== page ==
Your Public Radio > WYPR Archive
Play Live Radio
Next Up:
Available On Air Stations
You are now viewing the WYPR Archive of content news. For the latest from WYPR, visit

Mental Health Advocates Rally To 'Keep The Doors Open'

Christopher Connelly/WYPR

Hundreds of advocates turned out in Annapolis on Wednesday to protest cuts to mental and behavioral health services. The rally came one day after Gov. Larry Hogan laid out his plan to combat the state’s heroin crisis, and mental health advocates lined up in front of the statehouse to say the governor’s proposed cuts in mental health services will harm those struggling with addiction and mental illness.

“We know that treatment works, says Dan Martin, executive director of the Mental Health Association of Maryland. “Maryland has an access problem in the private system, in the public system, through our crisis system, and cutting funding to behavioral health system is just going to reduce access even more and make it more difficult for people to get the treatment that they need.”

Gov. Larry Hogan’s proposed budget includes more than $20 million in cuts to mental health services and Medicaid providers. The proposed cuts come on top of mental health reductions the state’s Board of Public Works approved before former Gov. Martin O’Malley left office in January.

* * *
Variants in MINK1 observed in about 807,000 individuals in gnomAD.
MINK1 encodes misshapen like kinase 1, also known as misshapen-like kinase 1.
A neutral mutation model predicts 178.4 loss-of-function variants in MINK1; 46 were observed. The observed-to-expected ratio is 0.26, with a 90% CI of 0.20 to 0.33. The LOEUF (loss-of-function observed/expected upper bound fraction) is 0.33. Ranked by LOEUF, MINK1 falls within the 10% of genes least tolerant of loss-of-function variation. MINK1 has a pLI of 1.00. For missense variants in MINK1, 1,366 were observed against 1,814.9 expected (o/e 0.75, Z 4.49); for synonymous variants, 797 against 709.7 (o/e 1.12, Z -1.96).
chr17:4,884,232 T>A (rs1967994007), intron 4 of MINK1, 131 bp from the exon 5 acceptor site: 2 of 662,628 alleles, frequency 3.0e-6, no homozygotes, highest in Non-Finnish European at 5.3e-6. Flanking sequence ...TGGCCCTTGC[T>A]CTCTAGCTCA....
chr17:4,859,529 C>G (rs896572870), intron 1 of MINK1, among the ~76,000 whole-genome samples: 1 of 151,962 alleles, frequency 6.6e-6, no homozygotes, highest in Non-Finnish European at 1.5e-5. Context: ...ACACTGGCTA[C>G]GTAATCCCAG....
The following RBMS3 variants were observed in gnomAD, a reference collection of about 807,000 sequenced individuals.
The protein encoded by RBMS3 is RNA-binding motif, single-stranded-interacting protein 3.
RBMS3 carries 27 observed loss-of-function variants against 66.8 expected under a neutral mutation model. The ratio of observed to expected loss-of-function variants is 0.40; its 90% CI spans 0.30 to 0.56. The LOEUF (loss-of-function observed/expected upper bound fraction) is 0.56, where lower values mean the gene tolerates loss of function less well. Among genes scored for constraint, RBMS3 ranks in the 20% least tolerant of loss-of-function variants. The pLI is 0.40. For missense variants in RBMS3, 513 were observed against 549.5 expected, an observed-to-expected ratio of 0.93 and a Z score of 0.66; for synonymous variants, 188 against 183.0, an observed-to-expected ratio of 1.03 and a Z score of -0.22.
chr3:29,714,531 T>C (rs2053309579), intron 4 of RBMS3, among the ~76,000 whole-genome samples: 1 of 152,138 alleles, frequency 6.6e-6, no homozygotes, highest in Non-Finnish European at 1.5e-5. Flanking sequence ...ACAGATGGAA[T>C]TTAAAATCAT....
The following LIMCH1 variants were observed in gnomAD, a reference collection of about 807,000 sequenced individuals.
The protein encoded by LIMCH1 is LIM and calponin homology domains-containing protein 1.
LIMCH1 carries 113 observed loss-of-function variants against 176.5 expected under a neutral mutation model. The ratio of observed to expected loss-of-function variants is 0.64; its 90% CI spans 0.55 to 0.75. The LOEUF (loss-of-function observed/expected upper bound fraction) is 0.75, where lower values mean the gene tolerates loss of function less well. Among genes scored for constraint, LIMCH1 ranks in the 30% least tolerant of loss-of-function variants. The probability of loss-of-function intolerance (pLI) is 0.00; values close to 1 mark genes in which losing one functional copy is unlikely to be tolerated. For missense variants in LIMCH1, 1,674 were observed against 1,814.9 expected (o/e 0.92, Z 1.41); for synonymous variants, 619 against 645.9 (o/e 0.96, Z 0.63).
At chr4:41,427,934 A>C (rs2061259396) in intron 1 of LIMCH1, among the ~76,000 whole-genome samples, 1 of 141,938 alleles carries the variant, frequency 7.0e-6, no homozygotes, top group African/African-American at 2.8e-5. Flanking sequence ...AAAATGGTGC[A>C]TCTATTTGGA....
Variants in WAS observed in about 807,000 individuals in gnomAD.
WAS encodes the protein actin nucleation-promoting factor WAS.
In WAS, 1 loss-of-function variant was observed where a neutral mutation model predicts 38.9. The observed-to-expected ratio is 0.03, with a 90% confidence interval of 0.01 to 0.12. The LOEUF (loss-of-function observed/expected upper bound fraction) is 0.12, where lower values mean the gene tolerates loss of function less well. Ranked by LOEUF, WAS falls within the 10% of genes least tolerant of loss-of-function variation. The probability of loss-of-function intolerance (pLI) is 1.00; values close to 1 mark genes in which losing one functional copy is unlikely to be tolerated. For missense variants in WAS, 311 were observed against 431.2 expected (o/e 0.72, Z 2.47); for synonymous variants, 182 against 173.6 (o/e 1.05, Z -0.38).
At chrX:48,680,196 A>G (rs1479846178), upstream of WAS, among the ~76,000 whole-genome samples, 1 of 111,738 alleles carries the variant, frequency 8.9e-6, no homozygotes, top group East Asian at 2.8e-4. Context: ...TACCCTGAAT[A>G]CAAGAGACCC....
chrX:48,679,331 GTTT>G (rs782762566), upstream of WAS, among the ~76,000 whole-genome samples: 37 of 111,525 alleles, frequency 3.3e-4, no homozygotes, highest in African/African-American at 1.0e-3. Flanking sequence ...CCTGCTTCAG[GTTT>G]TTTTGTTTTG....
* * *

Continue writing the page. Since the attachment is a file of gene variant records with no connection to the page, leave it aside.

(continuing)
"One in five children and youth have a diagnosable mental health disorder," said Ann Geddes, director of public policy for the Maryland Coalition of Families for Children's Mental Health. "Budget cutbacks are making it harder for these kids to get access to child psychiatrists. Families have to travel for hours or wait for months to get an appointment."

Advocates took turns speaking to the crowd to tell their stories of living with mental illness and struggling to access mental health and substance abuse treatment.

A Cecil County man told the crowd he was tired of feeling invisible, that he was marginalized by hate as a transgender man and the stigma of mental illness. A transgender woman asked why she had to be poor because she had a mental illness.

Another man said he would have ended up back in jail if he didn’t have access to substance abuse treatment when he got out of prison. A former heroin user said she struggled to find psychotherapy when she was in crisis and trying to get sober. 

Each story was punctuated with a chant imploring lawmakers to “keep the doors open” for mental and behavioral health care.

Sen. Richard Madaleno, D-Montgomery County, and Sen. Addie Eckardt, R-Eastern Shore, were among lawmakers who pledged to work to reverse the cuts. But re-instating the funding will be an uphill battle. Hogan’s budget makes deep cuts to Medicaid, public education and other programs in order to balance the state’s budget and adjust to projected shortfalls in revenue in the next fiscal year.